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52 Walker St, 2nd Floor, NY 10013, New York, United States
Open: Tue-Sat 10am-6pm


Josiah McElheny: Geometries for an Imagined Future

James Cohan, 52 Walker St, New York

Artist: Josiah McElheny

Opening reception: Thursday 2 November, 6pm-8pm

James Cohan presents Geometries for an Imagined Future, an exhibition of new work by Josiah McElheny. This is McElheny’s third solo exhibition with James Cohan.

For over three decades McElheny has engaged in an expert and in-depth study of glassmaking techniques, using this knowledge to create sculptural assemblages, paintings and multi-media installations that propose expanded views of history, from the scientific to the art historical. He looks to the histories of art, architecture, dance, music, fashion, film, literature and science, searching for ideas from the past that could point a way to the future. Most recently, McElheny has gravitated toward the story of mathematics, where proposals or methods might still be as radical today as they were hundreds of years ago.

Geometry has provided us tools for understanding the shapes and spatial relationships of individual objects, both in relation to one another and within the world at large. Historically, the greatest thinkers have attempted to find perfect shapes in the world – but have instead discovered irregularity, individuality, and diversity more often than sameness.

In Geometries for an Imagined Future, McElheny proposes that geometries, specifically ones of this irregularity, can serve as sociopolitical tools for finding answers to large questions. The multiplicities found in these complex forms elucidate a progressive idea, or shape, of the future, one that begets a much needed hopefulness.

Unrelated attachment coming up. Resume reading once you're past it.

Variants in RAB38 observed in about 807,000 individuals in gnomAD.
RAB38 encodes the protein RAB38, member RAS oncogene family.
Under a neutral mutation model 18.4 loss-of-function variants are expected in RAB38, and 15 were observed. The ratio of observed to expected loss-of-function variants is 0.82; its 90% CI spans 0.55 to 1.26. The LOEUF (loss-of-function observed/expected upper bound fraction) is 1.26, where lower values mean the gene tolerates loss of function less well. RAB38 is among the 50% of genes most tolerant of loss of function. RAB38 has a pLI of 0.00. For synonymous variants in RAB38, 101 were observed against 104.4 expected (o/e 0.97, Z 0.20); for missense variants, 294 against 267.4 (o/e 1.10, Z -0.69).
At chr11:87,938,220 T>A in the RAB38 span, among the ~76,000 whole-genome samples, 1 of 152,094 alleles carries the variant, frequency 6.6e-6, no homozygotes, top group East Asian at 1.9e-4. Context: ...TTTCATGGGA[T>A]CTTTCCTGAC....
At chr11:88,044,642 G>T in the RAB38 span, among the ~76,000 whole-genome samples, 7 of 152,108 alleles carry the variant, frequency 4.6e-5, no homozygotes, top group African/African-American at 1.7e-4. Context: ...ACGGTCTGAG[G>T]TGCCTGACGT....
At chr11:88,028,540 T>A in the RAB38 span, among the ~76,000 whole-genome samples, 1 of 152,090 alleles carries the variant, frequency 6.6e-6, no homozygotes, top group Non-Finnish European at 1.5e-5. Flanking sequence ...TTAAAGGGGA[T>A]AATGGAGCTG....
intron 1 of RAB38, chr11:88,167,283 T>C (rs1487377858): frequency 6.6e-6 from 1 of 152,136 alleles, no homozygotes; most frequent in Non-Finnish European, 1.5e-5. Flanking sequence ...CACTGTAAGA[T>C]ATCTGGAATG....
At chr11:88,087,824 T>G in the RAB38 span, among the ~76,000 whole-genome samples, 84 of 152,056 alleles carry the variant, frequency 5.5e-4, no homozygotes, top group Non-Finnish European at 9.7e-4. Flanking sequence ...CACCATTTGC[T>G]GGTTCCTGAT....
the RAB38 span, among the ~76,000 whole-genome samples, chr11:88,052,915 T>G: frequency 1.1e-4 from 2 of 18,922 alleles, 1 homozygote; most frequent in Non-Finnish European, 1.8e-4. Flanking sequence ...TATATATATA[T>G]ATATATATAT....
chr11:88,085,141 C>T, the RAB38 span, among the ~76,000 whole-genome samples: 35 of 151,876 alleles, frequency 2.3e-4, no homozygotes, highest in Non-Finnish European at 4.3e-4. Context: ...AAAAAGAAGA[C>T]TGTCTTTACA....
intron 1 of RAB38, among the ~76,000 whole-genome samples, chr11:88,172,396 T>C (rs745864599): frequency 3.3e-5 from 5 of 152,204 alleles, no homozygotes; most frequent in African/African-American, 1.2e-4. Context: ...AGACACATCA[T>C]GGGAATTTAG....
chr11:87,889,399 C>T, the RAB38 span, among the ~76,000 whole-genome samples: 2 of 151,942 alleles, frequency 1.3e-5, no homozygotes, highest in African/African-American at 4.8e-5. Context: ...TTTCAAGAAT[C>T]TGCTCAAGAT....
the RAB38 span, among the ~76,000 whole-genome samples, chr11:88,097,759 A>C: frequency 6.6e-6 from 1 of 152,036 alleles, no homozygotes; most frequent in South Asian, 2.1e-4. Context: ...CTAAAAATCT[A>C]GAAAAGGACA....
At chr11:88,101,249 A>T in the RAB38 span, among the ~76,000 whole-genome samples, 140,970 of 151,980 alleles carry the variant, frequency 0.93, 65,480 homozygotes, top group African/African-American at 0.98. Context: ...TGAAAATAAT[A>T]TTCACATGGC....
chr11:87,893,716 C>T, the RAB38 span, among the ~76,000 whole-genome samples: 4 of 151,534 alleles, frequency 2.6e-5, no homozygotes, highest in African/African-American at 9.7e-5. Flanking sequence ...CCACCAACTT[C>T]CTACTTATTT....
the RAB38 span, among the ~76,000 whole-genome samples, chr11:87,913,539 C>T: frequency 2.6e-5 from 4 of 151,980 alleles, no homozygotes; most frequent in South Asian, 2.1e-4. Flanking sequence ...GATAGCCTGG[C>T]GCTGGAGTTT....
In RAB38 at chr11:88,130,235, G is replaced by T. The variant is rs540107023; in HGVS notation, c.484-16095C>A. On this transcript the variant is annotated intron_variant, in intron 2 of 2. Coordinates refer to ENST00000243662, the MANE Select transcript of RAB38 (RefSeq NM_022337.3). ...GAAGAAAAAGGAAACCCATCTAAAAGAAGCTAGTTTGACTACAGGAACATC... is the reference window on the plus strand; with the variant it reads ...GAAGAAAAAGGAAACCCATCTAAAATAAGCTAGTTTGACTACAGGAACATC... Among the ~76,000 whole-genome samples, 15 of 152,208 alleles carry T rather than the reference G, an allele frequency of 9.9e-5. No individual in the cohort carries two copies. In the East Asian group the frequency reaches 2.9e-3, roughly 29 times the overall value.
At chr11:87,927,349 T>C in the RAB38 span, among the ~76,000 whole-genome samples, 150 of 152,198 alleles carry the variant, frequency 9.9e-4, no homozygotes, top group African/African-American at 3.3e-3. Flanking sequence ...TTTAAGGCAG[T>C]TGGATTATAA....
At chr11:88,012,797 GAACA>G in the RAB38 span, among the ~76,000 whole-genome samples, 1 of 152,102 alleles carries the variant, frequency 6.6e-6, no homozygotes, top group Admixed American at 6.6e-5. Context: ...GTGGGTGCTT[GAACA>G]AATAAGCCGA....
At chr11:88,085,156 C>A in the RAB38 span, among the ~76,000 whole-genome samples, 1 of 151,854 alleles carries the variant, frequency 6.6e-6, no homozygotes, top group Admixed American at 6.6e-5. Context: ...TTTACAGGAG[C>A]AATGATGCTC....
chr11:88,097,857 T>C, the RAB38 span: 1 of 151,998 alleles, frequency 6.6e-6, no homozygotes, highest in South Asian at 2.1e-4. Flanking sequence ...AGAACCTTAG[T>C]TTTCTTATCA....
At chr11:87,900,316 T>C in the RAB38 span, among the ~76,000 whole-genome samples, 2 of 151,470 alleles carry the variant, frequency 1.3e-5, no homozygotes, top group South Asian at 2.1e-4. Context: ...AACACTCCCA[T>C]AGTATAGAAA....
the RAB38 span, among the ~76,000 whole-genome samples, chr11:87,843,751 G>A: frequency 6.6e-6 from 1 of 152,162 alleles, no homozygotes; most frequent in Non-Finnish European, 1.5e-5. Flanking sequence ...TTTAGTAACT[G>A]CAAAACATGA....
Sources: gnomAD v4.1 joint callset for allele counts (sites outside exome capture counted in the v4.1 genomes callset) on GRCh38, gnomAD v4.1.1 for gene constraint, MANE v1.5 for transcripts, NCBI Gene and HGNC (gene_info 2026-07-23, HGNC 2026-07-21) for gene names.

This exhibition presents four bodies of work centered on an exploration of complex, irregular geometries embedded within innovative display methods. These works, which highlight the prismatic and refractive potentials of looking through and beyond the surface of solid glass, can be characterized as hybrids between painting and sculpture. With opaque, reflective and transparent surfaces, the artist obscures delineations between the expected or assumed dimensionalities of a flat painting, or a relief sculpture. This hybrid prompts the viewer to shift their gaze actively, so the artwork is constantly in conversation with the scale and engagement of the human body. The ever-changing vistas inherent in these works, morphing as the viewer moves around them, demonstrate that a hopeful future might be found within the ongoing potential to discover spaces and structures that are not invented, but simply to be found or rediscovered within nature.

all images © the gallery and the artist(s)

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